As a caregiver, you’re tasked with countless duties on a day-to-day basis. One of the trickier ones is activity: how do you keep the loved one in your care active? Especially if mobility is limited, movement is linked to pain, or there’s no desire to participate. When a loved one is aging or dealing with a health condition, it can be tough to come up with ways to keep them active. However, staying active is important for their overall health and well-being. In this article, we’ll cover some tips to keep your loved one active and activity ideas to help you keep them moving.
How to Keep Your Loved One Active
Set realistic goals. Talk with your loved one's doctor to come up with an activity plan that is right for them. Setting goals that are too high can set your loved one up for disappointment and make them less likely to stick with the plan.
Find activities they enjoy. If your loved one enjoys spending time outdoors, look for activities that can be done outside such as taking a walk around the block or gardening. If they enjoy socializing, look for activities that involve other people such as joining a club or taking a class.
Make it convenient. Choose activities that are close to home or easily accessible so that your loved one doesn't have to go out of their way to participate. You should also consider their daily routine: is there a time of the day they’re more alert or in less pain? That’s your target time. This will make it more likely that they will actually do the activity.
Start small. If your loved one isn't used to being active, start with shorter duration or lower intensity activities and build up from there. Just a few minutes counts. They can always increase the amount of time or intensity as they get more comfortable with being active again.
Do it together. One of the easiest ways to remain accountable is to work together. Exercising together is great for both of your physical health, adds a less serious activity to your routine as a way to strengthen your relationship, and will help your loved one stay on track.
Activity Ideas for Mind and Body Movement
Here are some ideas to help keep them moving:
Incorporate daily walks into your routine
Take them swimming or to water therapy classes
Enroll in a gentle yoga or tai chi class together
Take ailment-specific online classes designed for aging or ailing adults
Set up games such as bowling or mini golf in the backyard
Try chair exercises with resistance bands for those with limited mobility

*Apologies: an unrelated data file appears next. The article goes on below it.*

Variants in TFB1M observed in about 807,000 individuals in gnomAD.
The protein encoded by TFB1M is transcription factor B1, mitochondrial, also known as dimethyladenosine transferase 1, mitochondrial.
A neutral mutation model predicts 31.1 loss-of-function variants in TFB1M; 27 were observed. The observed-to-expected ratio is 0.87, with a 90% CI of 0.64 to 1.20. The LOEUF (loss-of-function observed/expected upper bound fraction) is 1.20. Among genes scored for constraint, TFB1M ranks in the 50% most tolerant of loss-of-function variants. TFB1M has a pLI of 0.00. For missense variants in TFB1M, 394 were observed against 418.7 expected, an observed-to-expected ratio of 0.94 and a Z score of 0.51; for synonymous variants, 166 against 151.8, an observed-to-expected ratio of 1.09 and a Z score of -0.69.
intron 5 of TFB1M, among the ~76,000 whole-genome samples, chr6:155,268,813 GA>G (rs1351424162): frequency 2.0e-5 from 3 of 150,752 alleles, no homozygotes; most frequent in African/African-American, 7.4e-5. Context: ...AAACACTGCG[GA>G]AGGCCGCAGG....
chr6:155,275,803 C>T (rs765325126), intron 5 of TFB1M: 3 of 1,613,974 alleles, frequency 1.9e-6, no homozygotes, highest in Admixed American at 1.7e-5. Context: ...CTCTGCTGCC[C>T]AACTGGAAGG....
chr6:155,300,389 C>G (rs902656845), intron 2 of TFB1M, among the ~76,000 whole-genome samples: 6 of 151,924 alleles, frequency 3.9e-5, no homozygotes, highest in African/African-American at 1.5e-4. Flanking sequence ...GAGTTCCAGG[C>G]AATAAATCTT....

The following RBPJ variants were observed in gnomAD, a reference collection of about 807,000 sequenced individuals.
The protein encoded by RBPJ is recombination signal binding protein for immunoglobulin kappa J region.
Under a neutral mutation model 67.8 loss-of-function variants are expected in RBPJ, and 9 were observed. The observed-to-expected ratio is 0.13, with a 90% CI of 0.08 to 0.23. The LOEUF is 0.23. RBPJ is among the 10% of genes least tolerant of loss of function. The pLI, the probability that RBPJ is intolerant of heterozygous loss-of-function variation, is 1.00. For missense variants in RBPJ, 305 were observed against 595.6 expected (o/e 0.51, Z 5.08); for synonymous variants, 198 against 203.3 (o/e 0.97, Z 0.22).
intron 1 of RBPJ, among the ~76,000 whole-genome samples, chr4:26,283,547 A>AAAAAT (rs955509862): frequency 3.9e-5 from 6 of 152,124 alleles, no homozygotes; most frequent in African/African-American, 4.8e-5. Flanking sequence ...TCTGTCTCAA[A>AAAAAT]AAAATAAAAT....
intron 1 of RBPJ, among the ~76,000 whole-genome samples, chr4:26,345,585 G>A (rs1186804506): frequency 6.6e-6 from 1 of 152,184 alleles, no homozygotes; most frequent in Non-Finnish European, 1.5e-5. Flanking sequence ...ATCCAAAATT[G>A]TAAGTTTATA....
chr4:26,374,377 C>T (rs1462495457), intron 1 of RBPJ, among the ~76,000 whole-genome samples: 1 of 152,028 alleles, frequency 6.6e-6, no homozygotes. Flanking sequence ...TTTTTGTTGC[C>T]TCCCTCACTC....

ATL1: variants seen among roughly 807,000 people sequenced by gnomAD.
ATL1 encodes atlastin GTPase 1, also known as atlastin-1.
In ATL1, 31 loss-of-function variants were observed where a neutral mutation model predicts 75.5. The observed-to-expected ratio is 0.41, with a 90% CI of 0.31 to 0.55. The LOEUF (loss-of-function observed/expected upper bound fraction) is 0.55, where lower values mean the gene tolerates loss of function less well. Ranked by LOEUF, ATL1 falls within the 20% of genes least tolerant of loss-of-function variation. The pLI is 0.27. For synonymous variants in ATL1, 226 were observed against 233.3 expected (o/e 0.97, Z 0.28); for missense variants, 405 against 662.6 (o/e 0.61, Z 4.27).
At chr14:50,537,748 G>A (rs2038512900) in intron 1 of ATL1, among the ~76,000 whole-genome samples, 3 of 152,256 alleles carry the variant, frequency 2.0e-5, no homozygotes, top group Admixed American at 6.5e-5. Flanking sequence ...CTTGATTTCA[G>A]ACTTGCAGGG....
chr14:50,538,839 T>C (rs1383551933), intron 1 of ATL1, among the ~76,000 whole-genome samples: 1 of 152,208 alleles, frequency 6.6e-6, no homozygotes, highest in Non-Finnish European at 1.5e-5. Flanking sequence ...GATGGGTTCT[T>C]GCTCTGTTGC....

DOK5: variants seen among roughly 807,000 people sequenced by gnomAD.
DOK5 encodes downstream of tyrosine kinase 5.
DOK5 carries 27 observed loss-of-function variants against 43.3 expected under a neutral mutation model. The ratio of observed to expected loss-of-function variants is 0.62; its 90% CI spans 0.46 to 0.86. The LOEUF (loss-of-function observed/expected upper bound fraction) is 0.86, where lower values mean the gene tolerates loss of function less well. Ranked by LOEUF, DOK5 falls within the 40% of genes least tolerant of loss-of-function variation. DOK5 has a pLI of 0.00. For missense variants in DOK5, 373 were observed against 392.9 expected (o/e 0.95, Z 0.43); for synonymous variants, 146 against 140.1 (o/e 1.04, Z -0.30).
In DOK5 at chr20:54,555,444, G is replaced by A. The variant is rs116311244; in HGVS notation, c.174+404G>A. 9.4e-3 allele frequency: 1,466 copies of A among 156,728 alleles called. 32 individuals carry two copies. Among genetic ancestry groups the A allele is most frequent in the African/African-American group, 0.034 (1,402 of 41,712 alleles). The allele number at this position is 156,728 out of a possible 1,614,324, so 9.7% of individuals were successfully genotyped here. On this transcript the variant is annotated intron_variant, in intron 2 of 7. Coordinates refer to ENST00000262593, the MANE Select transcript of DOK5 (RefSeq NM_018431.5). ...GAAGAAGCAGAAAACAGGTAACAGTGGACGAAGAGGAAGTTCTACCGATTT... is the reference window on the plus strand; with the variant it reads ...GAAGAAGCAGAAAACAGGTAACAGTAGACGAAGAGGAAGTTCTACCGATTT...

Plan outings to nearby parks or gardens where they can enjoy the fresh air and scenery while getting some light exercise
Give aerobics a try
Start and tend to a garden together
Take dance classes
Use stairs whenever possible
Indoor mall walks on hot or cold days
Let them try new hobbies/activities that keep their hands and feet moving
If mobility is a more severe problem for your loved one, medical facilities often have therapy pools, which can provide a low-impact way for them to improve their strength and mobility. Or activities like playing board games, painting, singing, or doing puzzles can stimulate their minds and reduce feelings of boredom.
Remember that the key is not necessarily intensity, but consistency. Aim for at least 30 minutes of activity (physical and/or mental) every day to keep bodies and minds healthy and active. And don't forget to schedule breaks and have fun while being active – it will encourage both you and the person in your care to keep going.
Note: Be careful to follow the doctor's recommendations and take any necessary safety precautions. By doing so, you’ll be able to find meaningful activities for your loved one that can improve both their physical and mental well-being.
Staying active is important for everyone, but it can be especially important for those who are aging or dealing with a health condition. By finding activities that they enjoy and making it convenient to participate, you can help your loved one stay active and improve their overall health and well-being.
For further reading and resources, we invite you to check out our free library of information for family caregivers by clicking here. You are also welcome to call us at 800-543-8312 to find out more about how we can support you on your caregiving journey.
If you are a caregiver in Orange County, please reach out to us. We would be happy to provide you with information on our Resource Center and the many services we offer.
Additional Reading: How to Get Paid to Be a Caregiver
If you are a caregiver, we recommend you check out our article about getting paid to be a family caregiver. Becoming a caregiver is expensive–out-of-pocket costs average in the thousands each year for a family caregiver. The state of California offers several paths to receiving at least subsidized assistance, so click here to learn more about how to get paid to be a caregiver.